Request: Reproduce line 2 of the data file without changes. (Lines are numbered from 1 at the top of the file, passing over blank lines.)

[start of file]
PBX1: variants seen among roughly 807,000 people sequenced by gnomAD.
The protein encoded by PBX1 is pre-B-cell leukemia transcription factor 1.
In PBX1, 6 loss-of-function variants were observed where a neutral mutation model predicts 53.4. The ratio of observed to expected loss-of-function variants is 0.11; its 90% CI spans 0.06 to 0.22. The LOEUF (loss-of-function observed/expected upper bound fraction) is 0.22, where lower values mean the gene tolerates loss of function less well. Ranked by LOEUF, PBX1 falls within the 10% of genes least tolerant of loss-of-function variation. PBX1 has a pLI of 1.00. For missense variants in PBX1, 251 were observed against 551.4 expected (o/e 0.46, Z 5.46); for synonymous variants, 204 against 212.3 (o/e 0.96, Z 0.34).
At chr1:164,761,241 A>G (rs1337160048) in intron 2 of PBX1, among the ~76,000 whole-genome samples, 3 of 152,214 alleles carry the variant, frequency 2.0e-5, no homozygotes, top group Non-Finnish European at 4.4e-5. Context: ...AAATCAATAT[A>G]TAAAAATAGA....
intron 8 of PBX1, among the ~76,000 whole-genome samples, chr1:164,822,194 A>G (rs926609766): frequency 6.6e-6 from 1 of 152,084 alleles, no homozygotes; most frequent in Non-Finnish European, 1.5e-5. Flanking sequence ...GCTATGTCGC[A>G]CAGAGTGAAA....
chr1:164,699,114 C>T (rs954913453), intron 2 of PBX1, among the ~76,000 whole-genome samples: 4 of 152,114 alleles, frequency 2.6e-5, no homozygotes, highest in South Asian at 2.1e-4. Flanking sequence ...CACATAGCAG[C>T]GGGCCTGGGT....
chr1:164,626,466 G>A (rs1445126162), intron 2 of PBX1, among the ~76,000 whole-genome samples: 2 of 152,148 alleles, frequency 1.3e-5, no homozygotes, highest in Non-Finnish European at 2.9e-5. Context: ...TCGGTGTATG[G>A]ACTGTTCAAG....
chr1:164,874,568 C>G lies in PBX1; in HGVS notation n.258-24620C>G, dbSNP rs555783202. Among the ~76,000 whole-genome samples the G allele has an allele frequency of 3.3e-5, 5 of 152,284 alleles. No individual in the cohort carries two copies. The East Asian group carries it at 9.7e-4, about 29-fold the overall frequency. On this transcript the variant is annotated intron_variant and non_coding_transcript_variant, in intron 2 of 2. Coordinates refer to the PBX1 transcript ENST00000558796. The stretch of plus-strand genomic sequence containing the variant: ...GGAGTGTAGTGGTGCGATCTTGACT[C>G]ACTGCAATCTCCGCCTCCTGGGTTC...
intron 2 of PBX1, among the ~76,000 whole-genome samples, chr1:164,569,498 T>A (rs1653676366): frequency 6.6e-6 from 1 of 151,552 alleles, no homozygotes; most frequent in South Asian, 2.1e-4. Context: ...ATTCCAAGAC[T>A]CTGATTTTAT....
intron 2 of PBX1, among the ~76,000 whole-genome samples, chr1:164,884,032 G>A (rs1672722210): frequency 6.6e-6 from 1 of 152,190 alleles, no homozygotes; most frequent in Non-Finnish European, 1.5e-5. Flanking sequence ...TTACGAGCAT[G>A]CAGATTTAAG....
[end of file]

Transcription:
The protein encoded by PBX1 is pre-B-cell leukemia transcription factor 1.